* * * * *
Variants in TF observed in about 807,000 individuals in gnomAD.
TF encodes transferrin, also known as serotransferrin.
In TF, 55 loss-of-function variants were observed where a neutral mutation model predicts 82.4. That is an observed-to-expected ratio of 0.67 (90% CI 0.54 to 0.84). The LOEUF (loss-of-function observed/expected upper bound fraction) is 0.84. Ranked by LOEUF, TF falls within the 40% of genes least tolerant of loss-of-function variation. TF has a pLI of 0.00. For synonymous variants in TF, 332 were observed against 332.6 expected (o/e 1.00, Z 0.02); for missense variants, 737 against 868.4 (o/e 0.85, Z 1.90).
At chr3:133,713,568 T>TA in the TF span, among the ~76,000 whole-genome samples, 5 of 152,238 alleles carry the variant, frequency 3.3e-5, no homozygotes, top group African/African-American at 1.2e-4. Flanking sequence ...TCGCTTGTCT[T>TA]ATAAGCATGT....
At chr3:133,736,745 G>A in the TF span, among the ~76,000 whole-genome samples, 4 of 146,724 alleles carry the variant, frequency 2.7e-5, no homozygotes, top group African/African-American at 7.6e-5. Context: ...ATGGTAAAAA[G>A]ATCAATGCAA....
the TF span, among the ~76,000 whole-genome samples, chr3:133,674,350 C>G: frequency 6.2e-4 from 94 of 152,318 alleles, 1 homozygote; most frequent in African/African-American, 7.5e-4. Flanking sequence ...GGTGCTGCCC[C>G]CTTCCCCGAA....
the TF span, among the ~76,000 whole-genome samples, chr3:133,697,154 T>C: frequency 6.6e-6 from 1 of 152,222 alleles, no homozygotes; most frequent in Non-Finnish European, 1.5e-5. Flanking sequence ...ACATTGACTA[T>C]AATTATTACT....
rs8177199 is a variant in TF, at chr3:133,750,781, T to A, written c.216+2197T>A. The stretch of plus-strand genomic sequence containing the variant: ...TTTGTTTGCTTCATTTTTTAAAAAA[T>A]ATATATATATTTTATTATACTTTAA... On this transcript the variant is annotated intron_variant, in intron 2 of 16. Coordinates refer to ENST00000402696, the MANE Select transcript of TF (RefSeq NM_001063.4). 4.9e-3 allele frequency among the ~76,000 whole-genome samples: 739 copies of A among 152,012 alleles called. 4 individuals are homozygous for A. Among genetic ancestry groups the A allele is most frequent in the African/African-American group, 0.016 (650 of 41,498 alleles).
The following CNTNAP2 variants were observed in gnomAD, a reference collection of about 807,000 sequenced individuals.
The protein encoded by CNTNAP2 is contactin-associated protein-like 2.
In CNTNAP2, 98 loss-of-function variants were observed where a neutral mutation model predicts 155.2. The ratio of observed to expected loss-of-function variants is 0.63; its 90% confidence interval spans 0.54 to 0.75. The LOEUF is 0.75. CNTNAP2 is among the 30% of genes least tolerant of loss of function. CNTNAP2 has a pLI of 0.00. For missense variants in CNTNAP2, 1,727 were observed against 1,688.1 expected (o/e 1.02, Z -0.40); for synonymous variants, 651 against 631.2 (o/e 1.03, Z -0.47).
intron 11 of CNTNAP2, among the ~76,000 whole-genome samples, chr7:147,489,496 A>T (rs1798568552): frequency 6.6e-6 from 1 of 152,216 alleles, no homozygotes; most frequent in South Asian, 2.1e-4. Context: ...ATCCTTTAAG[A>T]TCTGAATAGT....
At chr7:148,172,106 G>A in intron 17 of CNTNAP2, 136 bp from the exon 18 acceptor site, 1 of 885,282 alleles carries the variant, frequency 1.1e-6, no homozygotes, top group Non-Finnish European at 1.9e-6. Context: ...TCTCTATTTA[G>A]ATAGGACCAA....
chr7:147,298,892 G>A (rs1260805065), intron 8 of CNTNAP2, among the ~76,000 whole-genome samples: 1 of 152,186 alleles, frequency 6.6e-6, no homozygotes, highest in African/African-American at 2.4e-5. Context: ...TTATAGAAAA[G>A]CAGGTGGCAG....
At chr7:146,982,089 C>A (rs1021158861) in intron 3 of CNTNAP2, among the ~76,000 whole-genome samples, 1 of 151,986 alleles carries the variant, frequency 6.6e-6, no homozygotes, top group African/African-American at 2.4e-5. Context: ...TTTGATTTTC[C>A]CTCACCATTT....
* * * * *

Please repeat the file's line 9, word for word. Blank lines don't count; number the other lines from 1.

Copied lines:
The following CNTNAP2 variants were observed in gnomAD, a reference collection of about 807,000 sequenced individuals.